About DOB Permits?
WE HAVE ANSWERS.
Apartment renovations generally require two separate approvals.
First, the building’s management must approve the alteration and grant permission for work to begin.
Second, if required, the NYC Department of Buildings (the “DOB”) must also approve the work and grant the construction permit.
Any partition, pressurized wall, or floor to ceiling divider — no matter how temporary — requires NYC DOB approval.
A careful broker will not casually mention — or confirm — that a wall can be installed in an apartment without issue.
An architect will have to certify that the new proposed configuration complies with all applicable codes. For example, an apartment must have at least one room of at least 150 square feet. So partitioning a living room to make a bedroom (resulting in two rooms of less than 150 square feet) will not work — unless another unmodified room in the apartment remains above the threshold.
Most buildings have a formal approval process. The apartment owner’s engineer/architect will need to provide plans for the proposed work.
The owner must also agree to comply with building work rules, pay the applicable fees, use licensed, insured contractors, and perform the construction with minimal inconvenience to other unit owners.
The owner may also need to provide evidence that the NYC Department of Buildings has approved the work and granted a construction permit.
For just about all apartment renovations, you will need an ALT2 permit. However, there are other permits to consider:
- ALT1 — major construction that will change use, egress, or occupancy, e.g., commercial to residential
- ALT2 — construction that does not change use, egress, or occupancy and is narrower in scope but requires several types of work e.g., plumbing, electrical, installing a new bathroom and electrical outlets, rerouting a gas pipe, and moving a load-bearing wall
- ALT3 — minor work not affecting use, egress, or occupancy that involves only one type of work, e.g., install a construction fence.
Note: The DOB does not require a permit for painting, plastering, installing millwork, and installing flooring.
However, the building must still approve the work. Other than painting, it cannot be performed by a non-licensed contractor.
Once the work is complete, the DOB passes inspection. Then a Letter of Completion (or, for an ALT1, a new Certificate of Occupancy) is issued.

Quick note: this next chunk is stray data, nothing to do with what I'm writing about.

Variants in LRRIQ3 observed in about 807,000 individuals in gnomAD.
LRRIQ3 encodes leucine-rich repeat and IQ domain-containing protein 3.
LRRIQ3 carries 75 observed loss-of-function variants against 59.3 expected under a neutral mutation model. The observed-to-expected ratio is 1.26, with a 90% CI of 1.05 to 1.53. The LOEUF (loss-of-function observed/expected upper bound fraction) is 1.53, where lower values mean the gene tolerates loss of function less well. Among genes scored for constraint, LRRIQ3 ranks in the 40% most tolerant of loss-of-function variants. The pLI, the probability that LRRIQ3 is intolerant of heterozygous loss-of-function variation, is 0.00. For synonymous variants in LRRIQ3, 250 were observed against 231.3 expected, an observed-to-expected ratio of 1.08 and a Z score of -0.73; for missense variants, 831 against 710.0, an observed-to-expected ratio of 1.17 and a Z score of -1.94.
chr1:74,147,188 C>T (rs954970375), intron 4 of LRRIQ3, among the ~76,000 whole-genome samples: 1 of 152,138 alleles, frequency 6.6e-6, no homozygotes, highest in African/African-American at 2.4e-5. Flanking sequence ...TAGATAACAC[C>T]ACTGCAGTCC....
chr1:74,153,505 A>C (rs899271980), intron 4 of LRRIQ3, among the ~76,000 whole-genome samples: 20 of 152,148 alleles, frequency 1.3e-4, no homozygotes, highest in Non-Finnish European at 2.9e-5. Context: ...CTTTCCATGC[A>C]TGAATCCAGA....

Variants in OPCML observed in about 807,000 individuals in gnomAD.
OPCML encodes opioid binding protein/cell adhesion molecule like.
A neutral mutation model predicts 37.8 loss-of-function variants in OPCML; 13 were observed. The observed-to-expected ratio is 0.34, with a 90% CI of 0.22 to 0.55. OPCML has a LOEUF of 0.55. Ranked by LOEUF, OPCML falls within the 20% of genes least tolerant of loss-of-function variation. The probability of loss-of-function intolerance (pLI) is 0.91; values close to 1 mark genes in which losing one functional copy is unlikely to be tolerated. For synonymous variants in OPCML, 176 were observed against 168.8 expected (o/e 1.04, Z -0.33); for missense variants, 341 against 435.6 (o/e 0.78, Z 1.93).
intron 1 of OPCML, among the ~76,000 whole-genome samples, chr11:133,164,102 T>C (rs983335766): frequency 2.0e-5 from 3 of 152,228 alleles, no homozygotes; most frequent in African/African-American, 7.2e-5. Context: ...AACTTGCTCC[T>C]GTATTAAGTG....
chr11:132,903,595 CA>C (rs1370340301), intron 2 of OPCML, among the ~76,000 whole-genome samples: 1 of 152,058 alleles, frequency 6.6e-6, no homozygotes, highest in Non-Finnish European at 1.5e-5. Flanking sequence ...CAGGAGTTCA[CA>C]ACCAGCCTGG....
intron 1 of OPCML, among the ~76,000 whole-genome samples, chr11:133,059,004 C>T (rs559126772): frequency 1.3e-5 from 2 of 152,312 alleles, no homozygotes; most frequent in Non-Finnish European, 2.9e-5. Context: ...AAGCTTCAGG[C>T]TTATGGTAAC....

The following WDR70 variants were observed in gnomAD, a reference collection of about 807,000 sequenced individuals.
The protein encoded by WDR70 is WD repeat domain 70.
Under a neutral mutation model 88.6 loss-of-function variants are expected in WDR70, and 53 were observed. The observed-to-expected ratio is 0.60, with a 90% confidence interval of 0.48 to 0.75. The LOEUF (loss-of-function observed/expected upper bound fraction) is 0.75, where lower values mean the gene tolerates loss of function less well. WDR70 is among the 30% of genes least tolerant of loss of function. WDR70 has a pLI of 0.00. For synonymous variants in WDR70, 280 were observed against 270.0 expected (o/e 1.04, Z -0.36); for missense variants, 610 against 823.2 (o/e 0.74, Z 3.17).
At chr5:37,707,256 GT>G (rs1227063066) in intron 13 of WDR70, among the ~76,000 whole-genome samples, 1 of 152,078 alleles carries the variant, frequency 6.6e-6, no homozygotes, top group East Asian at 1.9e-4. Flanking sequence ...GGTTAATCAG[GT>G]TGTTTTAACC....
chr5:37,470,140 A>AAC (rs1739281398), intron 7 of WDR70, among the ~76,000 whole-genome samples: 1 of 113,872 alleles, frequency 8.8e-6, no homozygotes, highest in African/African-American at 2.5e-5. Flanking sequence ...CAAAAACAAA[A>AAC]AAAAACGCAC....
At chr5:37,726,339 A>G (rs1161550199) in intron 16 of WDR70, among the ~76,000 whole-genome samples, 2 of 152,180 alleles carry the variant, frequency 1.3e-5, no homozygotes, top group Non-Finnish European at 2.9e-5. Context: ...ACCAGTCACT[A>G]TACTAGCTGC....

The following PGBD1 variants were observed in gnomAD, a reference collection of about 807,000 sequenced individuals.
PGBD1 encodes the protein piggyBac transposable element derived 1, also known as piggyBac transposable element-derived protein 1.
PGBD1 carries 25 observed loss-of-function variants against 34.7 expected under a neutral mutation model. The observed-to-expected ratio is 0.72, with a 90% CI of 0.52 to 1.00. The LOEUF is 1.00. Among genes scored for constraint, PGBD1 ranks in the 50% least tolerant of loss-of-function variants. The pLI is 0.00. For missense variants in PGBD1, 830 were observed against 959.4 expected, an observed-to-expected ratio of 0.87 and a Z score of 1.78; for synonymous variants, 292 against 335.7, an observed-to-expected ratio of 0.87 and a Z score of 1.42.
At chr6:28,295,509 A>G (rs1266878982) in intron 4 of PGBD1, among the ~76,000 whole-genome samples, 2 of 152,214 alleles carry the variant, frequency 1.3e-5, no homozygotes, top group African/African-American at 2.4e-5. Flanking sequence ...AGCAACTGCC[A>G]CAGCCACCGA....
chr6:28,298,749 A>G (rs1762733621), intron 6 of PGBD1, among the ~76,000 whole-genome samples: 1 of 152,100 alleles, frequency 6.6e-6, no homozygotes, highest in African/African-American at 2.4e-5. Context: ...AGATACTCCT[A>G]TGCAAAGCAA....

This can be obtained in one of two ways:
1) Full DOB review filing
A DOB examiner reviews and approves your architectural plans based on the current building code. If you don’t meet the code, your plans are sent back for revision.
Assuming everything is in order and you have plans stamped by a licensed NY architect, it will take about 6 weeks to obtain a permit.
2) Professional Certification (known as a “Same Day,” “Pro Cert,” or “Self Cert” filing
Most buildings don’t allow Pro Cert filings because the architect certifies that everything adheres to the current code; if they are wrong, the DOB will force the architect to remedy (fix) it. This creates a giant headache for everyone.
First, check with your building management. Assuming you can do a same-day filing, here’s what’s involved:
- Plans stamped by a NY licensed architect
- Formatted for a same day filing (6-page set)
- Tenant protection plan
- Architectural final inspection
- PW1, POC1, PW3, TR1, and PW2 documents signed and notarized in triplicate by you, the building management, and your contractor.
Including drawing everything up and filing, this should take about 12 business days. The permit is issued the same day.
It’s important to understand the rules surrounding the construction of new walls within an NYC apartment. The long-existing code addressing this issue was, for the most part, ignored for many years as renters and owners regularly installed temporary walls without prior approval. But those days are over.
The landscape changed dramatically when an NYC prosecutor filed manslaughter charges against the owner and tenants in a Bronx apartment. A fire had caused the deaths of two firefighters who became disoriented because of the installation of non-compliant walls.